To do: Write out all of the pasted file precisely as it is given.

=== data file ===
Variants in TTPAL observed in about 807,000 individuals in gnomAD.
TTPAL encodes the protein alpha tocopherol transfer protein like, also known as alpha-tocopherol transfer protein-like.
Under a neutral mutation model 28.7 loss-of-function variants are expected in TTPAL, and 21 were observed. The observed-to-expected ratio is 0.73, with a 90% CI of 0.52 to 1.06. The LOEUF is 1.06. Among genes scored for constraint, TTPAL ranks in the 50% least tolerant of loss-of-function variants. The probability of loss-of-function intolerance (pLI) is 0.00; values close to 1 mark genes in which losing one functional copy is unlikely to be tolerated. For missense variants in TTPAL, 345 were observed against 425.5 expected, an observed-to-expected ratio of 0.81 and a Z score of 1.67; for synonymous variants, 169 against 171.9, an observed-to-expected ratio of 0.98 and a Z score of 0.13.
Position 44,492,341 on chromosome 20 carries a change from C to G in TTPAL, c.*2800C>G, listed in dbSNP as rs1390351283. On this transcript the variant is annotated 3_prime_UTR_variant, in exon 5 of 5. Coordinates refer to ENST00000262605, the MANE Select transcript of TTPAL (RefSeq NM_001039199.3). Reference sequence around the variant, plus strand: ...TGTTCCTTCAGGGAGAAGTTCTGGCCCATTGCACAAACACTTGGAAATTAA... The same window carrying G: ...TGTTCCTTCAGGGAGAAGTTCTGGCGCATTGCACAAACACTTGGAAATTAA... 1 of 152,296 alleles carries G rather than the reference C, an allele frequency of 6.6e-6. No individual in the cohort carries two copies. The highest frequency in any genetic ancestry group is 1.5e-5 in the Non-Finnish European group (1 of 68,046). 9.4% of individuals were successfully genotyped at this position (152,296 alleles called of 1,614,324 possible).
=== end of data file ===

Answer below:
Variants in TTPAL observed in about 807,000 individuals in gnomAD.
TTPAL encodes the protein alpha tocopherol transfer protein like, also known as alpha-tocopherol transfer protein-like.
Under a neutral mutation model 28.7 loss-of-function variants are expected in TTPAL, and 21 were observed. The observed-to-expected ratio is 0.73, with a 90% CI of 0.52 to 1.06. The LOEUF is 1.06. Among genes scored for constraint, TTPAL ranks in the 50% least tolerant of loss-of-function variants. The probability of loss-of-function intolerance (pLI) is 0.00; values close to 1 mark genes in which losing one functional copy is unlikely to be tolerated. For missense variants in TTPAL, 345 were observed against 425.5 expected, an observed-to-expected ratio of 0.81 and a Z score of 1.67; for synonymous variants, 169 against 171.9, an observed-to-expected ratio of 0.98 and a Z score of 0.13.
Position 44,492,341 on chromosome 20 carries a change from C to G in TTPAL, c.*2800C>G, listed in dbSNP as rs1390351283. On this transcript the variant is annotated 3_prime_UTR_variant, in exon 5 of 5. Coordinates refer to ENST00000262605, the MANE Select transcript of TTPAL (RefSeq NM_001039199.3). Reference sequence around the variant, plus strand: ...TGTTCCTTCAGGGAGAAGTTCTGGCCCATTGCACAAACACTTGGAAATTAA... The same window carrying G: ...TGTTCCTTCAGGGAGAAGTTCTGGCGCATTGCACAAACACTTGGAAATTAA... 1 of 152,296 alleles carries G rather than the reference C, an allele frequency of 6.6e-6. No individual in the cohort carries two copies. The highest frequency in any genetic ancestry group is 1.5e-5 in the Non-Finnish European group (1 of 68,046). 9.4% of individuals were successfully genotyped at this position (152,296 alleles called of 1,614,324 possible).